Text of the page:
• Received by May 10: $375
• Received after May 10: $410
• Group rate until May 10 (3 or more): $340 each — We encourage you to take advantage of this option to save money, to limit parking and to share camaraderie.
• Full time student: $250
Welcoming and supportive of men of all ages, the Conference is very interactive and rich with dialogue. Personal stories are told; songs are sung; victories celebrated; grieving shared — all in a safe place full of honest talk and mutual respect. There is time to hear ancient tales, meet in small groups, engage in healing ritual, sing gloriously together, play together, converse over meals, and sit in the silence of the trees.
This conference is particularly helpful for any man wishing to move out of old patterns that have shaped his life and relationships. Younger as well as older men find safety and energizing freedom in connecting with other men on an emotional level. Men in transition or undergoing significant life-passages often find meaning, strength and comfort here. Many fathers bring their sons (15 and older) to have them welcomed into the community of men. And many men return each year for the ongoing celebration of fellowship.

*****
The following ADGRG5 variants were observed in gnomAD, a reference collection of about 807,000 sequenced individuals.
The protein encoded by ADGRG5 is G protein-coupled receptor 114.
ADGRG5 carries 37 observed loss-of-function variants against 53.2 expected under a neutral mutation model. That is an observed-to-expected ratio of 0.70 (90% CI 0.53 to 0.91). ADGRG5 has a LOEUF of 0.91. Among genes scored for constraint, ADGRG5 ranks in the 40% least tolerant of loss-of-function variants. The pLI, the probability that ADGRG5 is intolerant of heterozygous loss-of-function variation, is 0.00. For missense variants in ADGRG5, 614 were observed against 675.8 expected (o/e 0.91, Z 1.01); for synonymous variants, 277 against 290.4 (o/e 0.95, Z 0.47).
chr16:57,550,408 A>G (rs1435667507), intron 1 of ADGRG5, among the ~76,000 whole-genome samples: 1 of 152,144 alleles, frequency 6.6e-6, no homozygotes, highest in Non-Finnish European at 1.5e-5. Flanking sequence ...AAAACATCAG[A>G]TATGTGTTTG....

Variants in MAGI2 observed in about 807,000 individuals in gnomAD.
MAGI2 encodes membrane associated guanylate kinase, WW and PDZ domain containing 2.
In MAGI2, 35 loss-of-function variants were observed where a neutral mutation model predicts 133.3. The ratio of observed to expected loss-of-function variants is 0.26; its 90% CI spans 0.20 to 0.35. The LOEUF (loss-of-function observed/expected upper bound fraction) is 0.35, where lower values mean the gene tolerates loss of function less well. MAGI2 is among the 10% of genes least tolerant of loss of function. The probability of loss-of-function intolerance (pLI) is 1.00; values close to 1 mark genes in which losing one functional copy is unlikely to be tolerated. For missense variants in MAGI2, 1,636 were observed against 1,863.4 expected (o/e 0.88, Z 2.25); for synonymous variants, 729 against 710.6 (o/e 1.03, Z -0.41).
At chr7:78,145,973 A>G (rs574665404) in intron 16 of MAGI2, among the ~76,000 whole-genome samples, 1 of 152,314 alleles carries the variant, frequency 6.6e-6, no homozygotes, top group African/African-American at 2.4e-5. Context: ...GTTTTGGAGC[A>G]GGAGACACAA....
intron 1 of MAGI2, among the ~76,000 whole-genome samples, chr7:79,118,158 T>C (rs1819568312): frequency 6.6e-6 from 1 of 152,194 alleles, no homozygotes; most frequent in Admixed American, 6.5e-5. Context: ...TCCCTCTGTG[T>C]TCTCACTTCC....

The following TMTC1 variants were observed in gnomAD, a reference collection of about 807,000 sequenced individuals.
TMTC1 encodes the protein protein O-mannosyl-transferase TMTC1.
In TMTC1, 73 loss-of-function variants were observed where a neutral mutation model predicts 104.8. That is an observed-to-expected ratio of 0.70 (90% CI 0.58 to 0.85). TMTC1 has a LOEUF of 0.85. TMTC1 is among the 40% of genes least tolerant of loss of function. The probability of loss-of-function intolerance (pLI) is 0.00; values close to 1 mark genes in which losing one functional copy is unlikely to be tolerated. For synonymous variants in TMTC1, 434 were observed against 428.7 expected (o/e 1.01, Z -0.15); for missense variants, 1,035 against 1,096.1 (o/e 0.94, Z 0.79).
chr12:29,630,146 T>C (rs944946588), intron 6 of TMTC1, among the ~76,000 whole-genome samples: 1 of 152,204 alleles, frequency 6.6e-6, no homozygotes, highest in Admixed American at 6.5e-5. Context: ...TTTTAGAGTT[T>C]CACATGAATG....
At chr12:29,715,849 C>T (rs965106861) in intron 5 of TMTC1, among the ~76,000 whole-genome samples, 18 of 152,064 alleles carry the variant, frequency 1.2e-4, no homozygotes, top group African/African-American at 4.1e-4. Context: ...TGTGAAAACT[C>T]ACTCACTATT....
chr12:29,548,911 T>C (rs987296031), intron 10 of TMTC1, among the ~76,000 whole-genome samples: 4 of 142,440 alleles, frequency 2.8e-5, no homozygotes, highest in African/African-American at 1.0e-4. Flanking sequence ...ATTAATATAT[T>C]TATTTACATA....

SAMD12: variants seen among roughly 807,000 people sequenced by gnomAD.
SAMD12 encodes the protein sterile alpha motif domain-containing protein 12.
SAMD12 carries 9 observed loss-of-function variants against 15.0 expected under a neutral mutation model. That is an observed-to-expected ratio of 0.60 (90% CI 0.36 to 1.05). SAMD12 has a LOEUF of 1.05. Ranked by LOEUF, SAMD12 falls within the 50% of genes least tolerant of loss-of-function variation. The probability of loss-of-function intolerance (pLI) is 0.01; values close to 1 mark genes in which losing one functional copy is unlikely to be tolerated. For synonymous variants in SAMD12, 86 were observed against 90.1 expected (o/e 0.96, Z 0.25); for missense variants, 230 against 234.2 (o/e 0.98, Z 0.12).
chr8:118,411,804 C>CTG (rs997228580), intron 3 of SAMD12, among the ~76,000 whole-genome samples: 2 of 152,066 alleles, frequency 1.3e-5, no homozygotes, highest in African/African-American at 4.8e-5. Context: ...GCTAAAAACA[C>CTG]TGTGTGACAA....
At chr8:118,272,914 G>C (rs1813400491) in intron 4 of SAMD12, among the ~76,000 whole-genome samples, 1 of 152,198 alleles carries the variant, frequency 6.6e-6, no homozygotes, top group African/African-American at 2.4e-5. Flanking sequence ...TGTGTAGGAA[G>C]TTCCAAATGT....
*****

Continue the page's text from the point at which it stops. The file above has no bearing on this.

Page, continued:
For two and a half decades of this Conference, we have been explorers of Soul. We have learned that to find and trust our way in this world we must tolerate uncertainties and fears; and we have found a way to do this together. In fact, the only way to do it is together. Some truths we have learned over the years are:
• Men have much to offer each other through their differences — be they cultural, racial, sexual, political, spiritual, generational, or personal.
• Beauty and creativity, art and music, ritual and poetry are sources of inspiration, healing, and deep pleasure.